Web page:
Overview: Health services used by humanitarian entrants

Health services provided by general practitioners (GPs), medical specialists and other allied health providers are integral to supporting and improving the health of humanitarian entrants.

However, humanitarian entrants face many barriers to accessing timely and appropriate health care, and this may include one or more of the following:

  • limited English proficiency
  • financial constraints
  • low educational achievement
  • varying degrees of health literacy
  • varying cultural and health beliefs
  • competing settlement priorities (Griswold et al. 2018; Timlin et al. 2020).

A systematic review that included studies from Australia and other countries found that many humanitarian entrants may be reluctant to seek health care assistance when needed due to a range of complex factors including psychological trauma and cultural beliefs (Iqbal et al. 2022).

Health seeking behaviour for mental ill health is low despite high levels of symptoms. This is largely driven by poor mental health literacy, cultural understandings of mental illness and associated stigma (Tomasi et al. 2022). Older adults, females and those with better English proficiency are more likely to seek professional help (Byrow et al. 2020). Additionally, it has been shown that a longer time spent in the host country is associated with higher levels of professional help-seeking (Markova et al. 2020).

In Australia, there are culturally responsive and specialised health services and programs to meet the needs of people from humanitarian backgrounds. Some refugee health services and programs provide initial health assessments and facilitate access to mainstream primary health care such as GP. Free interpreters are also available for GPs and medical specialists providing Medicare-rebateable services. These health services and programs for humanitarian entrants vary by state and territory. For more information on health services and programs for humanitarian entrants in each state or territory, see the following websites:

This section of the report presents data on the use of Medicare subsidised health care services in 2021 using data from the Medicare Benefits Schedule (MBS) available in Person-Level Integrated Data Asset (PLIDA). Data are presented on:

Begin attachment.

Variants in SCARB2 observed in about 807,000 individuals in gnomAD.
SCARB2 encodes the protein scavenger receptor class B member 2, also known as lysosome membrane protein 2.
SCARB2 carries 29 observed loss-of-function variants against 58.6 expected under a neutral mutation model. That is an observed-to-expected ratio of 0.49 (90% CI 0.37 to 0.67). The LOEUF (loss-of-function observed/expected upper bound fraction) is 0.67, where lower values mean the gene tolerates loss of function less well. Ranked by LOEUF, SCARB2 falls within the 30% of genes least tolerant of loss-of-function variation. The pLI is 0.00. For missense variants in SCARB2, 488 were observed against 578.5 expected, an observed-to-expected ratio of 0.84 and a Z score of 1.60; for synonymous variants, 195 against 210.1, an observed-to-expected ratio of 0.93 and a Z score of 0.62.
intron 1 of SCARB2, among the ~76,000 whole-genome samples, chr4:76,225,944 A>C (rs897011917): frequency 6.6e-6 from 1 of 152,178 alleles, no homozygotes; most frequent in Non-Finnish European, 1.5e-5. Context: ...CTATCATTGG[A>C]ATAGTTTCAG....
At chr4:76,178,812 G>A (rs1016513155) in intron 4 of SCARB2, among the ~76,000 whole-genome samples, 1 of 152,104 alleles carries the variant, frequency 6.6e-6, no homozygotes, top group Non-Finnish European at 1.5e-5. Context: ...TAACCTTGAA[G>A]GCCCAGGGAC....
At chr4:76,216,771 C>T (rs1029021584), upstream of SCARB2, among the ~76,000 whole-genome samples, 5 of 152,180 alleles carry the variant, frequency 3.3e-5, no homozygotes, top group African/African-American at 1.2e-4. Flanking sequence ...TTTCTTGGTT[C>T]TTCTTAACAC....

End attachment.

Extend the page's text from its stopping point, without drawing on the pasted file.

MBS data only includes details of services for which benefits were paid by Services Australia. They do not include services provided to public inpatients and public outpatients of hospitals and public Accident and Emergency Departments of hospitals, and services funded directly under other Australian government programs or state/territory government programs. This web report is the first stage of the AIHW’s Refugee and humanitarian entrant health project and data on hospitalisations will be included in release of findings from the second stage of the project. 

Additionally, many Allied Health services do not attract a Medicare rebate. Generally, Medicare subsidised allied health services are only available to patients with chronic, mental, developmental, and/or complex health conditions with a referral from a GP or specialist medical practitioner. These are the only allied health services captured in the other allied health BTOS data presented in this report. For further information on what services do not attract a Medicare rebate and therefore are not captured in this data, see Technical notes.

The COVID-19 pandemic impacted health service access, use and delivery, especially in New South Wales, Victoria and the Australian Capital Territory which had extensive lockdowns restricting services throughout this period (AIHW 2022). For example, the number of GP attendances and pathology services increased in 2021 compared to the previous year and optometry services had the biggest decrease. For more detail on the impact of COVID-19 on health care service utilisation see Impact on MBS service utilisation.

It is expected that the restrictions on health service use are consistent across the humanitarian entrant and the comparison population groups (other permanent migrant group and the rest of the Australian population) and data have been compared between the population groups, where appropriate.

For information on methods and data sources used in this section see Data sources and methods and Technical notes.